When fans think of Rachel McAdams, there are probably only a handful of movies that come to mind: “The Notebook.” “Wedding Crashers.” “Mean Girls.” “The Vow.” “Sherlock Holmes,” maybe. While all of these films have been huge hits for the (still only) 35-year-old actress, her latest films have been less successful financially, even if they’re bolder moves creatively.
After “The Vow” launched her — but more so Channing Tatum — back into A-list status, McAdams went full art house. Brian De Palma’s “Passion” and Terrence Malick’s “To the Wonder” both landed in 2012, the same year as her Valentine’s Day studio release, but neither earned her the recognition she, arguably, deserved. Both films didn’t make a dent at the box office, and then her next starring turn tanked, as well.
“About Time,” arguably McAdams’ best film, put her front and center in its marketing efforts (along with director Richard Curtis’ prior romantic smash “Love, Actually” and an image of her costar that made him look a lot like Channing Tatum — see also this) in the hopes she could carry the heartwarming and hilarious drama to similar global successes. Instead, the modestly-budgeted charmer ended its domestic run with only $15 million.
McAdams has only had one bona fide art house/mainstream crossover hit, as a co-star—and a rather forgettable one, at that—in Woody Allen’s 2011 Best Picture nominee “Midnight in Paris.” Earlier this year, she co-starred with Phillip Seymour Hoffman in “A Most Wanted Man,” a successful and widely respected indie, but not a breakout smash or even a film she’ll get credit for a the main draw. In short, she needs a hit. She needs one bad, but thankfully, she doesn’t seem to want to sell out to land one.
Now she doesn’t have to. McAdams is set to play Ani Bezzerides, “a Ventura County Sheriff’s detective whose uncompromising ethics put her at odds with others and the system she serves.” (from HBO’s press release). The character is a break from the actress’ traditional roles, hewing closest to her part in “A Most Wanted Man,” but this will certainly reach more eyes. With “True Detective,” McAdams will have a chance to flex her acting talent in what’s now a widely-respected series with the pedigree of HBO dramas behind it and a smash hit in the ratings to boot. It’s exactly what she needs, and also a great grab for HBO, talent-wise.
The same can be said for Taylor Kitsch, who was also confirmed today for a lead role in Season 2—who’s set to play Paul Woodrugh, “a war veteran and motorcycle officer for the California Highway Patrol, running from a difficult past and the sudden glare of a scandal that never happened”—except he’s never found success at the box office. His beloved and well-reviewed TV show, “Friday Night Lights,” couldn’t find an audience when it was on the air (though now is quite well known thanks to Netflix). His best work to date, in terms of pleasing critics and audiences, came with last year’s “Lone Survivor.” Yet despite having his face on the poster of an Oscar-nominated drama with a $125 million domestic haul, Kitsch is still labeled as box office poison thanks to blockbuster flops like “John Carter” and art house duds like Oliver Stone’s “Savages.”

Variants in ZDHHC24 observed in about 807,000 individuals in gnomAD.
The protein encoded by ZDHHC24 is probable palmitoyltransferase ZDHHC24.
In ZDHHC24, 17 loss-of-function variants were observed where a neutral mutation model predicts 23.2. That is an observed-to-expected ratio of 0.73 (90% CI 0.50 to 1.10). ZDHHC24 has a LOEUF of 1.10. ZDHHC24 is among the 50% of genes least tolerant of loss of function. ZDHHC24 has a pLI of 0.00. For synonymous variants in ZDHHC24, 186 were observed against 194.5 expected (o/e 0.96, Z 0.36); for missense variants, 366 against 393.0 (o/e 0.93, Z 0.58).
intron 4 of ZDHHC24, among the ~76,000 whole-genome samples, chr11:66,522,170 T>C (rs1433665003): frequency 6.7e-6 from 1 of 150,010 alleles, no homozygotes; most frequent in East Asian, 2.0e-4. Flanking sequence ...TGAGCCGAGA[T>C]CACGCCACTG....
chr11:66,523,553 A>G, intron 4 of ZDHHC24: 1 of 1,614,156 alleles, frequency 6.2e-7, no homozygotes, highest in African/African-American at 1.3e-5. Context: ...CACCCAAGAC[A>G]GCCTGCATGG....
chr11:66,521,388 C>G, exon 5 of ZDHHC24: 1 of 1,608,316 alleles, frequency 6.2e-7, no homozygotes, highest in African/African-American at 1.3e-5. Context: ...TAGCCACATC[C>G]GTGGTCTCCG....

Now, he too will have a chance to redeem himself in the eyes of Hollywood. We all know from watching Kitsch play Tim Riggins on “Friday Night Lights” that the man has talent—why else would studios like Disney and Universal even take a risk on him for such giant tentpoles? Kitsch can absolutely get the job done if the writing is there and the character strong.
The same, though, can be said for each of the four leads. Even Vince Vaughn, who’s best known for his work in comedies both great and awful, has shown some dramatic chops in films like “Clay Pigeons,” “The Cell,” and even the “Psycho” remake (it’s not his fault it was incredibly unnecessary). Colin Farrell is capable of heartbreaking, layered turns, as everyone is so quick to point out with “In Bruges,” but also can be said for “Seven Psychopaths” and “Tigerland.”
What remains to be seen is if they can carry something as culturally significant as “True Detective” has become. None have proven themselves as big ticket draws in 2014. None are as hot as Matthew McConaughey was when he signed on for “True Detective,” or when it began airing in January of this year, mid-McConaugh-sance. All have had their struggles, and all have seen more failures than successes of late. So will “True Detective” Season 2 mark a career resurgence, or yet another disappointment for two actors unable to afford one?
Official character names/descriptions, from the press release:
Rachel McAdams as Ani Bezzerides, a Ventura County Sheriff’s detective whose uncompromising ethics put her at odds with others and the system she serves.
Taylor Kitsch as Paul Woodrugh, a war veteran and motorcycle officer for the California Highway Patrol, running from a difficult past and the sudden glare of a scandal that never happened.
Kelly Reilly as Jordan, Frank Semyon’s wife, a former D-list actress who is a full partner in his enterprises and ambitions.